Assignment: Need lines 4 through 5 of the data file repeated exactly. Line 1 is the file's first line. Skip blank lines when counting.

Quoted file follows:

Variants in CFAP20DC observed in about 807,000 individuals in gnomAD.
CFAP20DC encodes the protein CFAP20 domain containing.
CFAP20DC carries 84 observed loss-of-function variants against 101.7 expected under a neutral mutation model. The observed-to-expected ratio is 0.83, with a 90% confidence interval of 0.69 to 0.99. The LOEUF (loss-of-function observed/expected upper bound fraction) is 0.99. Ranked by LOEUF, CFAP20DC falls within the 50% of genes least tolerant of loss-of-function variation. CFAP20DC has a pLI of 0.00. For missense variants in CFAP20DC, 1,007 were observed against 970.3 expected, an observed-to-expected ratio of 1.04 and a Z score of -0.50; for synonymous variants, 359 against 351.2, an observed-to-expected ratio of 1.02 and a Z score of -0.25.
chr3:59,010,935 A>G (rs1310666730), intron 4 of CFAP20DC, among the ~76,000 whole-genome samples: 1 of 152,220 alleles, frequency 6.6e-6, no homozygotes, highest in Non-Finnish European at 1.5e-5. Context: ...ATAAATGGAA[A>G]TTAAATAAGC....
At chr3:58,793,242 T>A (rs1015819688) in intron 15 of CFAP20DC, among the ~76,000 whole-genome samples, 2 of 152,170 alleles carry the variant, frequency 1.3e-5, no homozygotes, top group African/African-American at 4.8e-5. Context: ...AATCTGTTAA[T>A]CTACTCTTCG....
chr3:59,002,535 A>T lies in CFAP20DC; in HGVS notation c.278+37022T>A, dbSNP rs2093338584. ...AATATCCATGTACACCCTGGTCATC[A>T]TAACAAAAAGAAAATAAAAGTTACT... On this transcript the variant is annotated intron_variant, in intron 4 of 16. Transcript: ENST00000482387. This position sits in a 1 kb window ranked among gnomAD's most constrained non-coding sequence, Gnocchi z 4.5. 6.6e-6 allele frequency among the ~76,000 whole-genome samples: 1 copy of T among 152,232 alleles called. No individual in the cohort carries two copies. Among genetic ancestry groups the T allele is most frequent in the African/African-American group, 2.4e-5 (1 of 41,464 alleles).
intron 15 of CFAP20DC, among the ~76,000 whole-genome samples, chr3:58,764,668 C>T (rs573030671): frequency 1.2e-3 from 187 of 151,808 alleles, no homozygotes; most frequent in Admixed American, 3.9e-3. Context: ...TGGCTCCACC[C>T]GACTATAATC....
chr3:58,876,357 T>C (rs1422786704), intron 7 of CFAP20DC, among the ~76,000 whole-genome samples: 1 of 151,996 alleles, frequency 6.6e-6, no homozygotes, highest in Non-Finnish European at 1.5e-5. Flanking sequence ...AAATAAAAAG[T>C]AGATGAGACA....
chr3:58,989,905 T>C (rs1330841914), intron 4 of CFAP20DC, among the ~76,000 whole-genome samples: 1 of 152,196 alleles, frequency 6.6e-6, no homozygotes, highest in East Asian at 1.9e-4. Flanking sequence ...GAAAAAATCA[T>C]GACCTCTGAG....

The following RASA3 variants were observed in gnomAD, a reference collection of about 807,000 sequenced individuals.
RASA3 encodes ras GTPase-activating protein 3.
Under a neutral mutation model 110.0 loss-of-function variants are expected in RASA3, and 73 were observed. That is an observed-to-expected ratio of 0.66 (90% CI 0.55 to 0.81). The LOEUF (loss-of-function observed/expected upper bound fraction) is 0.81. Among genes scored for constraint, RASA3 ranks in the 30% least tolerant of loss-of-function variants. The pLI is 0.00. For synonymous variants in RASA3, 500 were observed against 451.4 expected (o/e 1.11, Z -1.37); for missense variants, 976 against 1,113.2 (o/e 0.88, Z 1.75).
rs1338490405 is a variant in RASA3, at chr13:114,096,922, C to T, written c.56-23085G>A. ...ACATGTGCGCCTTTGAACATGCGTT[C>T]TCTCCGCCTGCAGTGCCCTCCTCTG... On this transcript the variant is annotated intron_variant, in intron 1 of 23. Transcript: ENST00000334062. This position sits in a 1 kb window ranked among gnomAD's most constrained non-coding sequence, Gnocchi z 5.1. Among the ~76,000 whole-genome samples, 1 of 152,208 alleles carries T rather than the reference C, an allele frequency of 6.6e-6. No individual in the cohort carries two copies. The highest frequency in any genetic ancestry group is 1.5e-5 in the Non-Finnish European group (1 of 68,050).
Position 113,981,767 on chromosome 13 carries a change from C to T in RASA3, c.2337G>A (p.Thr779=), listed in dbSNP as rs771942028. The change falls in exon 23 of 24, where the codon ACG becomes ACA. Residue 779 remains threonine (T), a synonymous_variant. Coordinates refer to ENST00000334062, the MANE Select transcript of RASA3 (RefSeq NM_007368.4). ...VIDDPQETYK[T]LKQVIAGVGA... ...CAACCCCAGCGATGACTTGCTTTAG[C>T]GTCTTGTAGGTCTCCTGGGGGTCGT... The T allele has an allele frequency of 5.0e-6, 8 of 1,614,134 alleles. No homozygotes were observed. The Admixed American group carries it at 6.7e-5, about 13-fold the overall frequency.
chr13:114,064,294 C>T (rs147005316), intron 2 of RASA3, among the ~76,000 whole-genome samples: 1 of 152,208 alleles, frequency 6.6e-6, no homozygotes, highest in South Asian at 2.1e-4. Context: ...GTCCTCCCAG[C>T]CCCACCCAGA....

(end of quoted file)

chr3:59,010,935 A>G (rs1310666730), intron 4 of CFAP20DC, among the ~76,000 whole-genome samples: 1 of 152,220 alleles, frequency 6.6e-6, no homozygotes, highest in Non-Finnish European at 1.5e-5. Context: ...ATAAATGGAA[A>G]TTAAATAAGC....
At chr3:58,793,242 T>A (rs1015819688) in intron 15 of CFAP20DC, among the ~76,000 whole-genome samples, 2 of 152,170 alleles carry the variant, frequency 1.3e-5, no homozygotes, top group African/African-American at 4.8e-5. Context: ...AATCTGTTAA[T>A]CTACTCTTCG....